The travel industry is a great place be in as an employee, a business leader or as an entrepreneur.
But on the flip-side there are a few aspects that get under my skin and agitate me sufficiently to want to write about them. Think of this as counselling but on a web scale.
1. National travel industry awards make no sense for travel technology companies.
In the UK we have industry awards nearly every month. Not only does this devalue them but I don't actually know what any of them stand for anymore. Which ones are worth winning?
Then there is the country issue. Take our reservation and distribution system for example.
We are based in UK, have a tour operator client in country B, selling country C, mainly targeting travellers from country D. Which national awards are going to care about that?
For us and many others trading online this industry is now so global that national awards (that mainly exclude global players) don't cut the mustard.
Perhaps I am just bitter having not won anything for a while :)
2. Social media - yes but no.
I love social media but, travel industry conference organisers and consultants, please leave some space in the programme for other topics. I know from first hand experience that the emphasis on social media is causing issues at the coal face.
There are so many aspects that must be completed BEFORE you become active on social media yet no one talks about that any more. No point learning how to speak if you have got nothing to talk about.
For example there is still so much opportunity and lack of wide understanding around product description usability, image choice etc.
These are skills that should be taught and presented at travel industry conferences alongside other fundamental topics. When was the last time you saw a picture editor speak at a travel industry conference?
3. Tribal events
There are *so* many travel industry events that there is even a website that tries to keep track of them all. Good luck with that!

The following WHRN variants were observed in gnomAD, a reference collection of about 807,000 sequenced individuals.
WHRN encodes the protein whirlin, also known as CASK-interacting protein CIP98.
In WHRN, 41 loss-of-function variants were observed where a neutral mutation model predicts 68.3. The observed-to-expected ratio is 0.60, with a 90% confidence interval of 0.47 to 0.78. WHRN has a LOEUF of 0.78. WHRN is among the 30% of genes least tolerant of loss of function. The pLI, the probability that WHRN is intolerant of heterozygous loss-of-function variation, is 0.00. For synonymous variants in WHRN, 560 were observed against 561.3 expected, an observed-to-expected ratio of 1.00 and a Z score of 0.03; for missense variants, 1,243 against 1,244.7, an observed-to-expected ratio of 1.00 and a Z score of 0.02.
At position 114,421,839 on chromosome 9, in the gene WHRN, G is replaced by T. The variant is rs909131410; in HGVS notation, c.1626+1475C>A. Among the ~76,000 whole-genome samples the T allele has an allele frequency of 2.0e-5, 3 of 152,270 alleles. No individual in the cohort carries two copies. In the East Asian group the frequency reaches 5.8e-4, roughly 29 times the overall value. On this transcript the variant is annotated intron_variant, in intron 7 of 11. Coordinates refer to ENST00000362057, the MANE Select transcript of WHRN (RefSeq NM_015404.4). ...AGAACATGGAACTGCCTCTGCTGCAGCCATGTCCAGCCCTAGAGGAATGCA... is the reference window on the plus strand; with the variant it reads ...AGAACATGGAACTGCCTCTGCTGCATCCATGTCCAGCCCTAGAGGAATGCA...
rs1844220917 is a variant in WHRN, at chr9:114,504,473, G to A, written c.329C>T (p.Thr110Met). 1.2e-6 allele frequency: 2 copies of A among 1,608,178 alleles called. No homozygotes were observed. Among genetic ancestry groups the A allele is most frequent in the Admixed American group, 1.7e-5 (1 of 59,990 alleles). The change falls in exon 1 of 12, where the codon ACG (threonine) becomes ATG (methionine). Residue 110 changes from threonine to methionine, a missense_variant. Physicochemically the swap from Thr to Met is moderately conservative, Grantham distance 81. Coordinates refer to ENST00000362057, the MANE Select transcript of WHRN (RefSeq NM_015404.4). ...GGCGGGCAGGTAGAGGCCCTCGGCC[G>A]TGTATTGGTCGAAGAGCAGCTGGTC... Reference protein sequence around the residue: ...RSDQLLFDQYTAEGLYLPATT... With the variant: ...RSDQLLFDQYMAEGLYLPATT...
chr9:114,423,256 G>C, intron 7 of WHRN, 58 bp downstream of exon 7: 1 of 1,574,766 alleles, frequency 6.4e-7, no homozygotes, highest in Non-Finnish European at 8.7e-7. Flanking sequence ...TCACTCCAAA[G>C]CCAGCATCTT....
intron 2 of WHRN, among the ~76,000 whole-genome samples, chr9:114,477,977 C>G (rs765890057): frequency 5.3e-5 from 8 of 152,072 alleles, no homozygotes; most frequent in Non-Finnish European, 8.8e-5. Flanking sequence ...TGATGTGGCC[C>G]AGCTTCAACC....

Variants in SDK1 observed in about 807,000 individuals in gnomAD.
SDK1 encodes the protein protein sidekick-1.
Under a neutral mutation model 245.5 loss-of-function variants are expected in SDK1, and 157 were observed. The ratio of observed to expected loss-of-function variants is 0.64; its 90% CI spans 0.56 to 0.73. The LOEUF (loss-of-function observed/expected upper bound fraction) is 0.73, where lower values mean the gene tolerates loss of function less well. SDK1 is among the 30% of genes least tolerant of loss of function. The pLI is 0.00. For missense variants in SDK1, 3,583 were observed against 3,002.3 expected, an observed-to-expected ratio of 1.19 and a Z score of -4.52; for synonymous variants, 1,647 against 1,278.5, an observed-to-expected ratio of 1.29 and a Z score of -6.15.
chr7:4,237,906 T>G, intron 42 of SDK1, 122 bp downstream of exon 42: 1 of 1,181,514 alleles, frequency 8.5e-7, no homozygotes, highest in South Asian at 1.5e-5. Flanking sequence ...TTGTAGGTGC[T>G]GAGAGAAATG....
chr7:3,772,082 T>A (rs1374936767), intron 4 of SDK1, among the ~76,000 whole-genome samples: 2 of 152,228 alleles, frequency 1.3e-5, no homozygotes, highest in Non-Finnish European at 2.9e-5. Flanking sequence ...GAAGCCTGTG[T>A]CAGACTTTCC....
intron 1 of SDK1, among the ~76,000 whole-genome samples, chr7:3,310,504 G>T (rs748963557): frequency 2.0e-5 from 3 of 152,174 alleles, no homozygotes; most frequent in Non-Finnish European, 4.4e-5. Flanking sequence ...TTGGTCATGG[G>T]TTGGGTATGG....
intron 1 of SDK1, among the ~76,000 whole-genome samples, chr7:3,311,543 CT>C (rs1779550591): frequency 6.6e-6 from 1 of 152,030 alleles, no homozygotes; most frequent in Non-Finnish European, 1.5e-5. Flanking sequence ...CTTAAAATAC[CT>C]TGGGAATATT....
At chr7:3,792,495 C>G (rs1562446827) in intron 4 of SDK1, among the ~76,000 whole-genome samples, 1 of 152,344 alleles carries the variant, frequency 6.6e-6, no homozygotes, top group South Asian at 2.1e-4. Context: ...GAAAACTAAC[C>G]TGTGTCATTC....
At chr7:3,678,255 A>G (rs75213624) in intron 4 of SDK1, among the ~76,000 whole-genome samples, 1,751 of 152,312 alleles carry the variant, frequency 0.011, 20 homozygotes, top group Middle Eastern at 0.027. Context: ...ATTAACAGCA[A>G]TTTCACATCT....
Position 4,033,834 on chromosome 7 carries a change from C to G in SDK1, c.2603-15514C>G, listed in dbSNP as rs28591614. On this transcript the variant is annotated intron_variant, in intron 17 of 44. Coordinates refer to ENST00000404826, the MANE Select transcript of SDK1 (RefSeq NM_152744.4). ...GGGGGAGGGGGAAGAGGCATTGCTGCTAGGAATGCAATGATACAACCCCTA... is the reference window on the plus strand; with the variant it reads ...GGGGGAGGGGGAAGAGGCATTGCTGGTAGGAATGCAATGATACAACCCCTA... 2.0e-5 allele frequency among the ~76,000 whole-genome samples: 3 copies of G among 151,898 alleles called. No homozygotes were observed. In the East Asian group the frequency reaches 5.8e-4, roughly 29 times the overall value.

However they are all so tribal. One problem with tribal events is that people end up reinforcing previously held views.
As an example take a newspaper (printed version) - you read it sequentially and are therefore exposed to stories and insight you wouldn't have previously thought about reading.
With online news you see a headline and click to read that story. Presumably you are interested in that news. You won't click on news stories you are not interested in.
Over time this narrows your interest and reinforces your existing views. Just like going to the same old tribal travel industry events all the time.
The other issue, as a delegate, is if you go to events you know and listen to speakers you have heard before, you come away having learnt very little. Go to something fresh and completely different and you will be surprised what you can learn.
4. People who scoff at Twitter.
It agitates me when people say that Twitter is trivial, banal etc. In my view Twitter is the Number One networking opportunity open to the entire, globally distributed and extremely diverse, travel industry.
Play by the right rules (ha, you have to learn them!) and you can be networking and engaging with travel CEOs, journalists, travel guide writers, startup founders, lawyers etc.
Okay, maybe everyone active on twitter is selling "something" but pick who you follow carefully and you can learn a great deal about a whole bunch of topics.
Take responsibility for your own learning. Yes you.
5. PCI compliance.
Redshift Research did a survey back in March that indicated that only 11% of UK businesses are PCI compliant.
What agitates me about PCI compliance (the safe storage of credit card details) is that some travel businesses (very large ones) are openly flouting PCI compliance rules. Examples include:
- Card details being faxed all over the place within the hotel industry (it is money that should flow, not the card details)
- Details collected online for offline processing (confusing bank risk models in the process).
Who is policing these issues? Mainly it is reservation system companies like ourselves. Problem then is that in the customers eyes when we tell them they can't do something it then becomes OUR problem not THEIR problem. Grrr... this agitates me!
So there you have it. Perhaps not my top five travel industry rants but certainly five Tnooz can publish!